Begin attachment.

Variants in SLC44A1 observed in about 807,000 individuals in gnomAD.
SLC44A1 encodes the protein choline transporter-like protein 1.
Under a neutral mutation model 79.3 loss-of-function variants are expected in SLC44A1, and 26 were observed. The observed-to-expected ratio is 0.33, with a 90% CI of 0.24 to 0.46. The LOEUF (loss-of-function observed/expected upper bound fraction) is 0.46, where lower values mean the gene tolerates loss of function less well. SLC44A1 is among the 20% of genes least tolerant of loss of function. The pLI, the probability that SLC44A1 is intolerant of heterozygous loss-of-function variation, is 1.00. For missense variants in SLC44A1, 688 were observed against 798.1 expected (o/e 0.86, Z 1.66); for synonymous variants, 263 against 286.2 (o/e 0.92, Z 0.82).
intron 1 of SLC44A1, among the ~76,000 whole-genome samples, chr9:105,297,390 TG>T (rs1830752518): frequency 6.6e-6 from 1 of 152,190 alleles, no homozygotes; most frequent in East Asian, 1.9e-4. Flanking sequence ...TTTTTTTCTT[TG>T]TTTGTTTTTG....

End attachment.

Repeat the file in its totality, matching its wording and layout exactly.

Variants in SLC44A1 observed in about 807,000 individuals in gnomAD.
SLC44A1 encodes the protein choline transporter-like protein 1.
Under a neutral mutation model 79.3 loss-of-function variants are expected in SLC44A1, and 26 were observed. The observed-to-expected ratio is 0.33, with a 90% CI of 0.24 to 0.46. The LOEUF (loss-of-function observed/expected upper bound fraction) is 0.46, where lower values mean the gene tolerates loss of function less well. SLC44A1 is among the 20% of genes least tolerant of loss of function. The pLI, the probability that SLC44A1 is intolerant of heterozygous loss-of-function variation, is 1.00. For missense variants in SLC44A1, 688 were observed against 798.1 expected (o/e 0.86, Z 1.66); for synonymous variants, 263 against 286.2 (o/e 0.92, Z 0.82).
intron 1 of SLC44A1, among the ~76,000 whole-genome samples, chr9:105,297,390 TG>T (rs1830752518): frequency 6.6e-6 from 1 of 152,190 alleles, no homozygotes; most frequent in East Asian, 1.9e-4. Flanking sequence ...TTTTTTTCTT[TG>T]TTTGTTTTTG....